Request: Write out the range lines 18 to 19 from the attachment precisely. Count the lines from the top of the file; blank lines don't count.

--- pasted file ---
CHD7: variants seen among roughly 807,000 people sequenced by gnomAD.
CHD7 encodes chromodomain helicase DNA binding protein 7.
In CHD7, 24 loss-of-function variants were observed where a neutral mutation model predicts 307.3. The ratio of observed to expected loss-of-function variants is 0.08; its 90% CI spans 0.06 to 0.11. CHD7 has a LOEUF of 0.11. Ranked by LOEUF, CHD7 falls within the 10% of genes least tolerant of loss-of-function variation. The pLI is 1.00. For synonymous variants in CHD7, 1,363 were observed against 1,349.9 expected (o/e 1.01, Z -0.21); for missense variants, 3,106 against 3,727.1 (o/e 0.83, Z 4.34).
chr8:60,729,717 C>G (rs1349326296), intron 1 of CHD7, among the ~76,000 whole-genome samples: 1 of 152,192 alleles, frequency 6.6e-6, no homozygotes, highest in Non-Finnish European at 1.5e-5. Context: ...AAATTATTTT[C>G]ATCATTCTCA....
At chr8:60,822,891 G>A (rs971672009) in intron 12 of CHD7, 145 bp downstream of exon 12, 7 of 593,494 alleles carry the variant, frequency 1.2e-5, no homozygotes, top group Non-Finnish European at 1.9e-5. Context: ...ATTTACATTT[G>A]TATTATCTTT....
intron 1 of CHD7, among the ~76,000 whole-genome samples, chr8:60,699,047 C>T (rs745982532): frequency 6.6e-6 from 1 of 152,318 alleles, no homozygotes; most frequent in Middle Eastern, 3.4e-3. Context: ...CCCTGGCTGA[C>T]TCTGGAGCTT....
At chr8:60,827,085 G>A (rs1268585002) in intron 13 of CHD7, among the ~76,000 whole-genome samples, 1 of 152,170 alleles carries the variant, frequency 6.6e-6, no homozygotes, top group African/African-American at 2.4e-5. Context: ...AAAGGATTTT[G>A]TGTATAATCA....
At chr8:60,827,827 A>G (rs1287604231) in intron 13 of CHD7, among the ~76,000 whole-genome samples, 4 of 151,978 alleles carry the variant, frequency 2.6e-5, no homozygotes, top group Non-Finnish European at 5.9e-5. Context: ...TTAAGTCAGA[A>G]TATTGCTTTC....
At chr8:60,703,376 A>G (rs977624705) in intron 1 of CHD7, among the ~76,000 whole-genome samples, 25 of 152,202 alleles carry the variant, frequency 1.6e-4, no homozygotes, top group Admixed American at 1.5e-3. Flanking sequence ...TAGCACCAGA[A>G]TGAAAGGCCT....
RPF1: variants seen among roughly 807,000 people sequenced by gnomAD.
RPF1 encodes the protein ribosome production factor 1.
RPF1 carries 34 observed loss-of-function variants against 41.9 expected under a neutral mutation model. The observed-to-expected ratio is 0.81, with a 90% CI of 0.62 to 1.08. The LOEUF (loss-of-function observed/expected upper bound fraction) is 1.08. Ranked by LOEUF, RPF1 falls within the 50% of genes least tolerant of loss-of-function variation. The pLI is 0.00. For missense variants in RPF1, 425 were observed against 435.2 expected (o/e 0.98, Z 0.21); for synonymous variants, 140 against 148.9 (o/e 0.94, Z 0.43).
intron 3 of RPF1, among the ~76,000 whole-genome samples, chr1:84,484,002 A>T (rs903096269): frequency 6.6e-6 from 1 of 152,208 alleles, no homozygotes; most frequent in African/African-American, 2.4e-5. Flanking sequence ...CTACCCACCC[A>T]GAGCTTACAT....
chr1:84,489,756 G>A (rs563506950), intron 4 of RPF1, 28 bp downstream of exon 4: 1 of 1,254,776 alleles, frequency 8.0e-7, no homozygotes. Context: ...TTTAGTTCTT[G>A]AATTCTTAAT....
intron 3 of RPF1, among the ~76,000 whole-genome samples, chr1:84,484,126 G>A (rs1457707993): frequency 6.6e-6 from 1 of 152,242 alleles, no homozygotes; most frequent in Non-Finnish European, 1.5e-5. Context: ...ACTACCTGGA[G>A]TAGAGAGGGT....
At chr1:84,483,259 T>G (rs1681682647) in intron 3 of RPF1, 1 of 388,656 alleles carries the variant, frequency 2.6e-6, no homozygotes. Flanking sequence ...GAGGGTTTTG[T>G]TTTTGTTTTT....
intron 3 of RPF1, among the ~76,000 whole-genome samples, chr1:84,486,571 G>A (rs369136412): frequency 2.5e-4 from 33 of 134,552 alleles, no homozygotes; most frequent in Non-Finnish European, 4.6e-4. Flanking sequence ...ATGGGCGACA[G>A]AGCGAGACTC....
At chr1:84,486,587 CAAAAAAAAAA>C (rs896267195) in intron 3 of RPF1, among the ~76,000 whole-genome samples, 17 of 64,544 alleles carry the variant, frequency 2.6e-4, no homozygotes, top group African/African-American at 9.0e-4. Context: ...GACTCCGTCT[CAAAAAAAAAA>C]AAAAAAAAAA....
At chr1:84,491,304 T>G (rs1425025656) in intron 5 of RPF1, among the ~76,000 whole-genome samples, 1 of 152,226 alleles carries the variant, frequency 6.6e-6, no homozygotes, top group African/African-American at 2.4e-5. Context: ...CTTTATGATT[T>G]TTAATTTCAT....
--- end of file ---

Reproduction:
At chr1:84,486,587 CAAAAAAAAAA>C (rs896267195) in intron 3 of RPF1, among the ~76,000 whole-genome samples, 17 of 64,544 alleles carry the variant, frequency 2.6e-4, no homozygotes, top group African/African-American at 9.0e-4. Context: ...GACTCCGTCT[CAAAAAAAAAA>C]AAAAAAAAAA....
At chr1:84,491,304 T>G (rs1425025656) in intron 5 of RPF1, among the ~76,000 whole-genome samples, 1 of 152,226 alleles carries the variant, frequency 6.6e-6, no homozygotes, top group African/African-American at 2.4e-5. Context: ...CTTTATGATT[T>G]TTAATTTCAT....